Saturday, February 25, 2017

Cooking The Water Books?

The North Okanagan Regional District's tentacles incessantly shuffle costs of water supply and infrastructure.

This isn't the first time a resident has suspected that some may be charged more than what is actually owed.  And elected officials either are -- or are not -- "on the ball" to prevent their constituents being gouged.

"Mable Lake is $192 for infrastructure base;
 Grindrod is $290 for infrastructure base;
 and Gunter Ellison is $300 for infrastructure base."

First, let's have a look at RDNO's sphere of influence:

RDNO boundaries have been described as a drunk tossing an open box of pushpins into the air.

Then click on this Board of Directors list as well as Advisory Committee lists to see who's involved in which area.
And how complicated it can--and does--become.
Especially with RDNO's senior bureaucrats tugging at directors' chains.
And circling the wagons.

So, could it be that RDNO's cooking the water books?
Are its tentacles spreading into new territory?

You decide, after this plea from a resident of Enderby:

"Get involved, people, or you will lose the right!"
                  Dana Mills, Enderby resident             

Dana Mills' Executive Summary to the Board follows:

"Gunter Ellison Road Water Local Service Area                                   2017 February 22
 Regional District of North Okanagan Board of Directors
 (Executive Summary Last Page)
We live one km outside of Enderby city limits and are supplied with potable water from the Enderby Public Utility. In fact, we share a distribution pressure zone with a number of Enderby residents. At City limits we are connected with a 2km length of 150mm C900 PVC pipe.

This, plus a few stop valves, is really the extent of our infrastructure. We're currently paying for the full capital cost of this pipe and will have paid for it by 2024 through a fixed rate parcel tax. Currently, the industry expectation of this class of buried pipe is that it has an service lifespan of 105 years. For reasons known only to himself, Mr. McTaggart thinks the service life will only be 80 years. You should note that this discrepancy does affect all taxes considerably over time. Be that as it may, our distribution main is only 13 years old and has no history of needing any maintenance over this period.

Our water meters were paid for by us when initially installed, and paid for by the Regional District through a grant when they were upgraded to "smart" meters a few years ago. The City of Enderby now covers all repair costs, including replacement, and charges us an out-of-town parcel tax to do so. Their fund also covers flushing, testing, and their billing administrative costs. They now deal with us as they would any other water subscriber within their jurisdiction.

The only direct infrastructure cost to the RDNO would be for "major events" like a watermain break. We have a substantial reserve fund already built up; enough to repair at least 10 major breaks according to Mr. McTaggart. Staff has the ability to draw on reserves for atypical expenses with the option of replenishment later. Perhaps the transition to direct billing caused RDNO administrative costs to spike last year, but that's over now and shouldn't penalize us forever.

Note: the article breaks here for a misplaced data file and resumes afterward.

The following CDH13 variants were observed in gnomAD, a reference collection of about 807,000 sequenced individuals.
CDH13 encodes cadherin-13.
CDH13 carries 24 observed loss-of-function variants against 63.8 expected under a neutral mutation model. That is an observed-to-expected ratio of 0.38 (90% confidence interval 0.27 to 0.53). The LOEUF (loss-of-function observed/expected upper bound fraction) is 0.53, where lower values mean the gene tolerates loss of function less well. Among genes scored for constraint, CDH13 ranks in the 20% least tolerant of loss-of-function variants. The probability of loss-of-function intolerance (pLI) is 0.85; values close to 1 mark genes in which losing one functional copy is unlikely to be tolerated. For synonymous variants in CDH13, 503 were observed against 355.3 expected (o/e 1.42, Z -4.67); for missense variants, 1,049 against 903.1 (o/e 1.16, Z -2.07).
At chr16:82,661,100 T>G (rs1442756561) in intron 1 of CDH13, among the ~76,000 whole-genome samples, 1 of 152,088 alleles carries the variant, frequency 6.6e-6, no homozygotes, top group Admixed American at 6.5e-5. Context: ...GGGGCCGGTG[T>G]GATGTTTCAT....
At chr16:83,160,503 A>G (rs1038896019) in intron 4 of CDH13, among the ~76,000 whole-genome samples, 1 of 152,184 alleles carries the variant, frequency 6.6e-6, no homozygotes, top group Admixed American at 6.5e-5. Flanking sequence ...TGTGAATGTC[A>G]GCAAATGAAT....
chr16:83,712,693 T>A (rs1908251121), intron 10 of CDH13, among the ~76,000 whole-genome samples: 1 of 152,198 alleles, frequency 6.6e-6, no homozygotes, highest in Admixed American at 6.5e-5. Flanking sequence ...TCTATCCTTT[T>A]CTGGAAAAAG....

Now, an Infrastructure Renewal reserve is a thorny issue for us considering that we're paying entirely for the initial pipe, and that this will be for the benefit of future generations to use. They won't incur the capital cost to install it, but that's a discussion for another time.

Our pipe is stable and will be left alone unless someone with a backhoe accidently digs it up. Our Water Local Service Area is very precisely defined with only one property charged but not yet connected.

Another property may be included in the future, but unlikely because of cost. The owner says he doesn't currently pay any RDNO water fees. So there's not going to be any expansion without serious negotiations, which is unlikely to happen during our tenure.

So we're not really sure what our Infrastructure Base Fee actually pays for, nor why it's increasing at all. To say that the increase is due to the Canadian cost of living index doesn't make much sense. For RDNO staff to say that a fee like ours is increasing due to cost of living, but with no other information provided, should raise your suspicion that they aren't doing much to be efficient and accountable.

                    "Isn't that really rationale for a decrease?"

On first glance the Small Utilities Rates Imposition Bylaw proposes to increase our total fees by 6.3% over three years. But wait a minute, 6.3% doesn't seem quite accurate. Our Debt Service Parcel Tax is fixed and doesn't change, so all of the increase is being applied to our Infrastructure Base Fee. This puts the essence of the total increase to 14.4% over three years.